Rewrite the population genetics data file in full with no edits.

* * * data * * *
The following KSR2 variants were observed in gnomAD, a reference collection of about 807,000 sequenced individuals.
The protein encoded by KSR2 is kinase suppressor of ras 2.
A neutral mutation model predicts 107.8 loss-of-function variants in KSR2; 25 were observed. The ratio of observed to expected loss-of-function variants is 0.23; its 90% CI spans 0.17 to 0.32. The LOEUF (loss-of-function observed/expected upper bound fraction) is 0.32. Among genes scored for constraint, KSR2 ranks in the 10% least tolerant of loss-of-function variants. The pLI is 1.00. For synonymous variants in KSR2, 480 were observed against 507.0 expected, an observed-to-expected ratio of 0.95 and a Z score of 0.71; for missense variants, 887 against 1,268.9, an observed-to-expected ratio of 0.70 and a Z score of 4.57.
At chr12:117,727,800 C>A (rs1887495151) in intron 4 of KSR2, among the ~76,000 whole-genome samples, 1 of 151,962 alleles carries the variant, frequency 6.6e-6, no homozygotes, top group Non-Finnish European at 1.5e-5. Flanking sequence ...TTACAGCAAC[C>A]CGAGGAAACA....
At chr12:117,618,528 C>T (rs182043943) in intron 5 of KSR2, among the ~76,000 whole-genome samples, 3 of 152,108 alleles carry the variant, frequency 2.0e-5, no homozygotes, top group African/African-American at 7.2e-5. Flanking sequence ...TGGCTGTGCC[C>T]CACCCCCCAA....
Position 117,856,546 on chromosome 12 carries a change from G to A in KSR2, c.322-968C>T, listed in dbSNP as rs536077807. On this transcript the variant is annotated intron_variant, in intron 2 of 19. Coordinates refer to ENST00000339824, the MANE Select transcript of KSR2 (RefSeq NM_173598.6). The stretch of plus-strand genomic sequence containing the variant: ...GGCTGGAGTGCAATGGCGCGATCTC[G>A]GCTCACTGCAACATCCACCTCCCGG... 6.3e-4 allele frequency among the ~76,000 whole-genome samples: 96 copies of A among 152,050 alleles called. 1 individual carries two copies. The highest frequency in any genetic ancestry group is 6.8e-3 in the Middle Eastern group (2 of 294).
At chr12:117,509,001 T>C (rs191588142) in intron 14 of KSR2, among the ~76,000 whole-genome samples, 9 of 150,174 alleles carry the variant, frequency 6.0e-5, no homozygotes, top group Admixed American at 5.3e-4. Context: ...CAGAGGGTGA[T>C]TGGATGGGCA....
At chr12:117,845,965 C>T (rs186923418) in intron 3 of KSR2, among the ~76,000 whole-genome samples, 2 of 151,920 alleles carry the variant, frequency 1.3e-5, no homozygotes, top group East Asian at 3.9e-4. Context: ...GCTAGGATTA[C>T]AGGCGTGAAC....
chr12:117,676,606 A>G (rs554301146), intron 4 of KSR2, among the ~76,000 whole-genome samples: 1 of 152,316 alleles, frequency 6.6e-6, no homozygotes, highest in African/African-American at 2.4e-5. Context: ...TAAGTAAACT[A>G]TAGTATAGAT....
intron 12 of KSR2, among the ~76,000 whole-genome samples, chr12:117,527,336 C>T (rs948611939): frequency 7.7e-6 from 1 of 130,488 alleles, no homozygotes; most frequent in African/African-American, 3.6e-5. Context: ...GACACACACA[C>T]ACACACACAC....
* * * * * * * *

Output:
The following KSR2 variants were observed in gnomAD, a reference collection of about 807,000 sequenced individuals.
The protein encoded by KSR2 is kinase suppressor of ras 2.
A neutral mutation model predicts 107.8 loss-of-function variants in KSR2; 25 were observed. The ratio of observed to expected loss-of-function variants is 0.23; its 90% CI spans 0.17 to 0.32. The LOEUF (loss-of-function observed/expected upper bound fraction) is 0.32. Among genes scored for constraint, KSR2 ranks in the 10% least tolerant of loss-of-function variants. The pLI is 1.00. For synonymous variants in KSR2, 480 were observed against 507.0 expected, an observed-to-expected ratio of 0.95 and a Z score of 0.71; for missense variants, 887 against 1,268.9, an observed-to-expected ratio of 0.70 and a Z score of 4.57.
At chr12:117,727,800 C>A (rs1887495151) in intron 4 of KSR2, among the ~76,000 whole-genome samples, 1 of 151,962 alleles carries the variant, frequency 6.6e-6, no homozygotes, top group Non-Finnish European at 1.5e-5. Flanking sequence ...TTACAGCAAC[C>A]CGAGGAAACA....
At chr12:117,618,528 C>T (rs182043943) in intron 5 of KSR2, among the ~76,000 whole-genome samples, 3 of 152,108 alleles carry the variant, frequency 2.0e-5, no homozygotes, top group African/African-American at 7.2e-5. Flanking sequence ...TGGCTGTGCC[C>T]CACCCCCCAA....
Position 117,856,546 on chromosome 12 carries a change from G to A in KSR2, c.322-968C>T, listed in dbSNP as rs536077807. On this transcript the variant is annotated intron_variant, in intron 2 of 19. Coordinates refer to ENST00000339824, the MANE Select transcript of KSR2 (RefSeq NM_173598.6). The stretch of plus-strand genomic sequence containing the variant: ...GGCTGGAGTGCAATGGCGCGATCTC[G>A]GCTCACTGCAACATCCACCTCCCGG... 6.3e-4 allele frequency among the ~76,000 whole-genome samples: 96 copies of A among 152,050 alleles called. 1 individual carries two copies. The highest frequency in any genetic ancestry group is 6.8e-3 in the Middle Eastern group (2 of 294).
At chr12:117,509,001 T>C (rs191588142) in intron 14 of KSR2, among the ~76,000 whole-genome samples, 9 of 150,174 alleles carry the variant, frequency 6.0e-5, no homozygotes, top group Admixed American at 5.3e-4. Context: ...CAGAGGGTGA[T>C]TGGATGGGCA....
At chr12:117,845,965 C>T (rs186923418) in intron 3 of KSR2, among the ~76,000 whole-genome samples, 2 of 151,920 alleles carry the variant, frequency 1.3e-5, no homozygotes, top group East Asian at 3.9e-4. Context: ...GCTAGGATTA[C>T]AGGCGTGAAC....
chr12:117,676,606 A>G (rs554301146), intron 4 of KSR2, among the ~76,000 whole-genome samples: 1 of 152,316 alleles, frequency 6.6e-6, no homozygotes, highest in African/African-American at 2.4e-5. Context: ...TAAGTAAACT[A>G]TAGTATAGAT....
intron 12 of KSR2, among the ~76,000 whole-genome samples, chr12:117,527,336 C>T (rs948611939): frequency 7.7e-6 from 1 of 130,488 alleles, no homozygotes; most frequent in African/African-American, 3.6e-5. Context: ...GACACACACA[C>T]ACACACACAC....